« Continue Browsing

e-mail article Print     e-mail article E-mail

Lloyd Omdahl, Published April 22 2012

Omdahl: As calendar turns, golden years turn out to be brass

“Adapt” was the advice I got from District Judge Joel Medd, a friend and former student, when we commiserated about the problems of aging.

Good advice. Many elderly people die early because their bodies and their minds are out of sync. Their minds keep suggesting things that bodies can’t do anymore. Shovel that snow. Lift that bale. Shingle that roof. Then heart failure.

If you adapt, aging can be OK. Everybody is doing a lot of that in North Dakota.

I first realized I was getting older when I had to change my list of proposed pallbearers three times last month. My peer group is shrinking.

It’s sobering to realize that I’m half the age of North Dakota. Half of the state’s history is not history. It can’t be history if you can remember it.

I had hoped I would be able to enjoy at least one more good season with the Minnesota Twins. Even though they have some different faces after a dismal 2011 season, they seem to have the same old bats.

I never did get around to learning how to play the harmonica. I underestimated the prerequisites. It looked to me like playing a harmonica was as simple as politics – just puff and blow. But then I discovered that politicians can’t play harmonicas. Control of the tongue is critical to the process.

Talking about politics, I hope Secretary of State Al Jaeger gets the Legislature to redesign the measures ballot to suit the mood of the public these days. We need to change from voting “yes” and “no” to “absolutely” and “never.”

For the past few months, I have been coordinating a 60-plus group at church. We kid ourselves by calling it JOY, an acronym for “Just Older Youth.” We own up to our sins openly because we know that nobody in the group will remember enough to gossip later.

In Protestant Sunday morning groups, it is common to memorize key verses of Scripture. We had to give that up months ago.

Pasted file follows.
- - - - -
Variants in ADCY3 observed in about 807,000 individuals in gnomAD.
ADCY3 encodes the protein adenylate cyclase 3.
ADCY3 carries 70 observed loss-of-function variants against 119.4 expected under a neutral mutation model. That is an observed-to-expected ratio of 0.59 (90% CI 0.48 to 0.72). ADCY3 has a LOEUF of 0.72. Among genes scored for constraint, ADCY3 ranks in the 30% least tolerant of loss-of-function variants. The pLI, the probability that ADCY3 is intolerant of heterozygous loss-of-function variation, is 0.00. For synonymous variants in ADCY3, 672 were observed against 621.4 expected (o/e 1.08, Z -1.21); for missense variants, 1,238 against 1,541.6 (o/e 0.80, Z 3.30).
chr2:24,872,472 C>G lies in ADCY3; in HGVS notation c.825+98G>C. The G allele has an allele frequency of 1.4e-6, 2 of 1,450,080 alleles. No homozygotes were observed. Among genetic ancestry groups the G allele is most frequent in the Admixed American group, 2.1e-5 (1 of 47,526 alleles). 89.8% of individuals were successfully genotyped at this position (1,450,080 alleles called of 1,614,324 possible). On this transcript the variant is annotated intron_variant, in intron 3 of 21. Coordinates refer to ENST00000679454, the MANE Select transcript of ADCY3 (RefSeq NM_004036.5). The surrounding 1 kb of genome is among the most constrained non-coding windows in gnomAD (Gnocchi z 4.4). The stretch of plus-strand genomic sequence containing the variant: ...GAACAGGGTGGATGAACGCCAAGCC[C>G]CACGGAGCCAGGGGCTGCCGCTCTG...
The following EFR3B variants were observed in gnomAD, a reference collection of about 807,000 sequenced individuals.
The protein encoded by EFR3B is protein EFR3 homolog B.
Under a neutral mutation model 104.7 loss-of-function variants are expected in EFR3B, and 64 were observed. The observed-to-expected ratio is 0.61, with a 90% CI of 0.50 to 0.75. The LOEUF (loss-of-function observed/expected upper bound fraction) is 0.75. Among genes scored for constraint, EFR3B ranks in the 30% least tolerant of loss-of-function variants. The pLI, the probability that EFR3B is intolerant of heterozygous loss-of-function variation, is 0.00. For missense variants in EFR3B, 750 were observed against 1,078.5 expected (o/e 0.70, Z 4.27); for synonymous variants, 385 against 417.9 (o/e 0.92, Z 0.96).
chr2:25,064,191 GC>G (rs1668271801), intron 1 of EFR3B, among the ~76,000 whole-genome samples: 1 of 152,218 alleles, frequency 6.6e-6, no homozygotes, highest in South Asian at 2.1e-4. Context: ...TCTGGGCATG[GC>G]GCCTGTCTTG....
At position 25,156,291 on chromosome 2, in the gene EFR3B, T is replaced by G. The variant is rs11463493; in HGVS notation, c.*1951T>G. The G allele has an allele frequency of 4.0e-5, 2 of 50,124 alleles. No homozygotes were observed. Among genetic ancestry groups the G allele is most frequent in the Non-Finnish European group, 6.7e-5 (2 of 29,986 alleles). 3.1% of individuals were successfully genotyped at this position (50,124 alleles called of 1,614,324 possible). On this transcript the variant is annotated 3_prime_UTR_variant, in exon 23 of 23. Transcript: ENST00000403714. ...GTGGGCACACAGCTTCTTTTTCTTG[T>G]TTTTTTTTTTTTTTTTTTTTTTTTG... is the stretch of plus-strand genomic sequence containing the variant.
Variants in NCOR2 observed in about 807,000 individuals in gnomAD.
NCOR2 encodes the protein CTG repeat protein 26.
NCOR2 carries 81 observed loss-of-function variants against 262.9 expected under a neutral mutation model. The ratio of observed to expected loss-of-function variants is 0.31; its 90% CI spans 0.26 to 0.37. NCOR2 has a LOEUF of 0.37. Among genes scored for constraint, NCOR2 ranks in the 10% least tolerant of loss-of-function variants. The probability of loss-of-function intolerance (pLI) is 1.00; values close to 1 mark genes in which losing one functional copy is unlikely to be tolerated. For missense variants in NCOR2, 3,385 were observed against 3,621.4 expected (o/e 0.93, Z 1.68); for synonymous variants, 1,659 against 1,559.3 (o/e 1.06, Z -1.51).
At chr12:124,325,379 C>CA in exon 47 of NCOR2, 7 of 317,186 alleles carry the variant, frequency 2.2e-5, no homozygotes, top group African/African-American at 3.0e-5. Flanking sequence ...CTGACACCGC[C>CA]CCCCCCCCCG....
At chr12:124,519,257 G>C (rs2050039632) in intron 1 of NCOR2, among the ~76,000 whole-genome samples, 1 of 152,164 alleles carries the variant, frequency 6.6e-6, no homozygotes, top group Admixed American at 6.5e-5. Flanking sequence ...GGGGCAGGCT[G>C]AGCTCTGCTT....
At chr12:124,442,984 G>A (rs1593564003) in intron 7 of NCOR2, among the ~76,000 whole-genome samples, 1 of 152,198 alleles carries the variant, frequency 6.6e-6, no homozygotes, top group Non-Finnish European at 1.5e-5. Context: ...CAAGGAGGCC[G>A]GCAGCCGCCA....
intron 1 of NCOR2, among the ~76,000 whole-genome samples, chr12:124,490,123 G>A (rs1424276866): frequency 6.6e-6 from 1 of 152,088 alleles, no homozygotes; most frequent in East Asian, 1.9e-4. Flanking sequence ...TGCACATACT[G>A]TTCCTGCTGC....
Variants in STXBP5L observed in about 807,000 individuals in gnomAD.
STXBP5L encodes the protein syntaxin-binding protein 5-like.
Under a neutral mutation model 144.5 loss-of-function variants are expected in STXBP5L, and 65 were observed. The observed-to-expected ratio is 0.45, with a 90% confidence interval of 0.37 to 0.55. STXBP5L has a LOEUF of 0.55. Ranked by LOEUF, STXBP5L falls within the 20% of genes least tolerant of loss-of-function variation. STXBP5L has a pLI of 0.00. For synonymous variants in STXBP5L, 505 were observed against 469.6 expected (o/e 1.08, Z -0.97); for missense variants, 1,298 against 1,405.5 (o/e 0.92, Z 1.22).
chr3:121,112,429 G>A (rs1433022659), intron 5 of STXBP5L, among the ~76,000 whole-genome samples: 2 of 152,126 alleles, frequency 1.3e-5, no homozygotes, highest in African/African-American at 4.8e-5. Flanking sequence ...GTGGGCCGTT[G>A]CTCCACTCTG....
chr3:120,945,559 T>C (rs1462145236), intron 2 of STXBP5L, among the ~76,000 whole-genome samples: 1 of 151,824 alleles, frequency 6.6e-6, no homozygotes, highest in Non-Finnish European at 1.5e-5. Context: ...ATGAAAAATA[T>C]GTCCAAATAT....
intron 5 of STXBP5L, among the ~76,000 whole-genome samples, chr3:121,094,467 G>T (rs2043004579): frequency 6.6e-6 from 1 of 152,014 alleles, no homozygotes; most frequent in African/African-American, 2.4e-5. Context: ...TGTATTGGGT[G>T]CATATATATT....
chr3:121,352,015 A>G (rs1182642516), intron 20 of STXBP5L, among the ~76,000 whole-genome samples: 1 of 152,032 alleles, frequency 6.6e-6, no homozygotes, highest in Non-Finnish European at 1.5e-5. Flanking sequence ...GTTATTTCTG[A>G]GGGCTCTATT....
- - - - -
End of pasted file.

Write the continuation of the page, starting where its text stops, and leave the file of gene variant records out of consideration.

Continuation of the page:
I have finally concluded that the “intelligent design” theory of creation is correct, but you have to be smart enough to see it.

The Bible says it is appointed for man once to die. Once seems to be enough.

Bismarck, Fargo and Minot have reason to be concerned about high water, but God will never sponsor another flood. The first one was a failure. The first thing Noah did when he got off the ark was plant a grape and get drunk. It has been downhill for personkind ever since.

As we get older, we tend to recall childhood things, like comics. I can remember when Google was Barney’s last name.

Most people who got rich in the California gold fields did it by selling stuff to the miners. In western North Dakota, the restaurants, bars and motels are making more money than the oil companies.

One thing I have discovered about aging is that cake made from scratch keeps getting fewer and fewer ingredients. And now when I cook something for myself that is not very tasty, I know that I’d better eat it because it will taste worse warmed over.

Aging is OK as long as you keep doing it and don’t abuse the privilege.

In closing, I’ll let you in on a very private ambition: I really intend to live forever. So far so good.


Omdahl is former North Dakota lieutenant governor and retired University of North Dakota political science teacher. Email ndmatters@q.com